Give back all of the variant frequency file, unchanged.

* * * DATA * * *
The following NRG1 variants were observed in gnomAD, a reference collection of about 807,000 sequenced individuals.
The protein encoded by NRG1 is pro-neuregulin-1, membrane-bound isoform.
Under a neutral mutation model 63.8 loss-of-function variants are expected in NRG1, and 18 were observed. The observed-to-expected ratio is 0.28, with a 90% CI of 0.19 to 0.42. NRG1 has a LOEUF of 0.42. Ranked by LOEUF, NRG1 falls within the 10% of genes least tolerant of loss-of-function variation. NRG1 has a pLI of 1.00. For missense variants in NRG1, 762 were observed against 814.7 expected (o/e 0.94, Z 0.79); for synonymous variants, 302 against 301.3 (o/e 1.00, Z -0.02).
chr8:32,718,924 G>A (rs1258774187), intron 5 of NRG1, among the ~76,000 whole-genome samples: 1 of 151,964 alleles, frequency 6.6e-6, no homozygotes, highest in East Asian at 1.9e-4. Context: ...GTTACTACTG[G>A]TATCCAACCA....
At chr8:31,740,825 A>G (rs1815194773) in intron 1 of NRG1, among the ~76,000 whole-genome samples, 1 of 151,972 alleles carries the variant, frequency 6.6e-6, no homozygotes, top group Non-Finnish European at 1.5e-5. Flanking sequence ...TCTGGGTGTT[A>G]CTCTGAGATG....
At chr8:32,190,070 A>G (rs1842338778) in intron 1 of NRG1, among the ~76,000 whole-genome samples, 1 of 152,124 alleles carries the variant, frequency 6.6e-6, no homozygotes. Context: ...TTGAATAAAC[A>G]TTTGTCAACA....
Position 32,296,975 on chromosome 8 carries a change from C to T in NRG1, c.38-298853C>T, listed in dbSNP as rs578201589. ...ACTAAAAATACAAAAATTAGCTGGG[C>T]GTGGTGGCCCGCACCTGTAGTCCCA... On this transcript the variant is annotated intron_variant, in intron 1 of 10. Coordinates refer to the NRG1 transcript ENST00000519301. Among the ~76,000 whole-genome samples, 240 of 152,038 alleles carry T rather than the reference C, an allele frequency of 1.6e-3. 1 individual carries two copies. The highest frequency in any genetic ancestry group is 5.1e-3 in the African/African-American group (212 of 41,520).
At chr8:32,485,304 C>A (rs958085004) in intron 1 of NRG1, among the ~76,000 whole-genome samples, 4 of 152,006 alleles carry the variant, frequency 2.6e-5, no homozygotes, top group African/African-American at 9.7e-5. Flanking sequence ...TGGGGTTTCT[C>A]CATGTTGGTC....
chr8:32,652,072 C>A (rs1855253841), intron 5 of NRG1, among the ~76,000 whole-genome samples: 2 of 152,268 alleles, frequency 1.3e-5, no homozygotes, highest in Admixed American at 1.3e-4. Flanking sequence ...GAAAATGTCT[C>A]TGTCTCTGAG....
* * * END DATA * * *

The following NRG1 variants were observed in gnomAD, a reference collection of about 807,000 sequenced individuals.
The protein encoded by NRG1 is pro-neuregulin-1, membrane-bound isoform.
Under a neutral mutation model 63.8 loss-of-function variants are expected in NRG1, and 18 were observed. The observed-to-expected ratio is 0.28, with a 90% CI of 0.19 to 0.42. NRG1 has a LOEUF of 0.42. Ranked by LOEUF, NRG1 falls within the 10% of genes least tolerant of loss-of-function variation. NRG1 has a pLI of 1.00. For missense variants in NRG1, 762 were observed against 814.7 expected (o/e 0.94, Z 0.79); for synonymous variants, 302 against 301.3 (o/e 1.00, Z -0.02).
chr8:32,718,924 G>A (rs1258774187), intron 5 of NRG1, among the ~76,000 whole-genome samples: 1 of 151,964 alleles, frequency 6.6e-6, no homozygotes, highest in East Asian at 1.9e-4. Context: ...GTTACTACTG[G>A]TATCCAACCA....
At chr8:31,740,825 A>G (rs1815194773) in intron 1 of NRG1, among the ~76,000 whole-genome samples, 1 of 151,972 alleles carries the variant, frequency 6.6e-6, no homozygotes, top group Non-Finnish European at 1.5e-5. Flanking sequence ...TCTGGGTGTT[A>G]CTCTGAGATG....
At chr8:32,190,070 A>G (rs1842338778) in intron 1 of NRG1, among the ~76,000 whole-genome samples, 1 of 152,124 alleles carries the variant, frequency 6.6e-6, no homozygotes. Context: ...TTGAATAAAC[A>G]TTTGTCAACA....
Position 32,296,975 on chromosome 8 carries a change from C to T in NRG1, c.38-298853C>T, listed in dbSNP as rs578201589. ...ACTAAAAATACAAAAATTAGCTGGG[C>T]GTGGTGGCCCGCACCTGTAGTCCCA... On this transcript the variant is annotated intron_variant, in intron 1 of 10. Coordinates refer to the NRG1 transcript ENST00000519301. Among the ~76,000 whole-genome samples, 240 of 152,038 alleles carry T rather than the reference C, an allele frequency of 1.6e-3. 1 individual carries two copies. The highest frequency in any genetic ancestry group is 5.1e-3 in the African/African-American group (212 of 41,520).
At chr8:32,485,304 C>A (rs958085004) in intron 1 of NRG1, among the ~76,000 whole-genome samples, 4 of 152,006 alleles carry the variant, frequency 2.6e-5, no homozygotes, top group African/African-American at 9.7e-5. Flanking sequence ...TGGGGTTTCT[C>A]CATGTTGGTC....
chr8:32,652,072 C>A (rs1855253841), intron 5 of NRG1, among the ~76,000 whole-genome samples: 2 of 152,268 alleles, frequency 1.3e-5, no homozygotes, highest in Admixed American at 1.3e-4. Flanking sequence ...GAAAATGTCT[C>A]TGTCTCTGAG....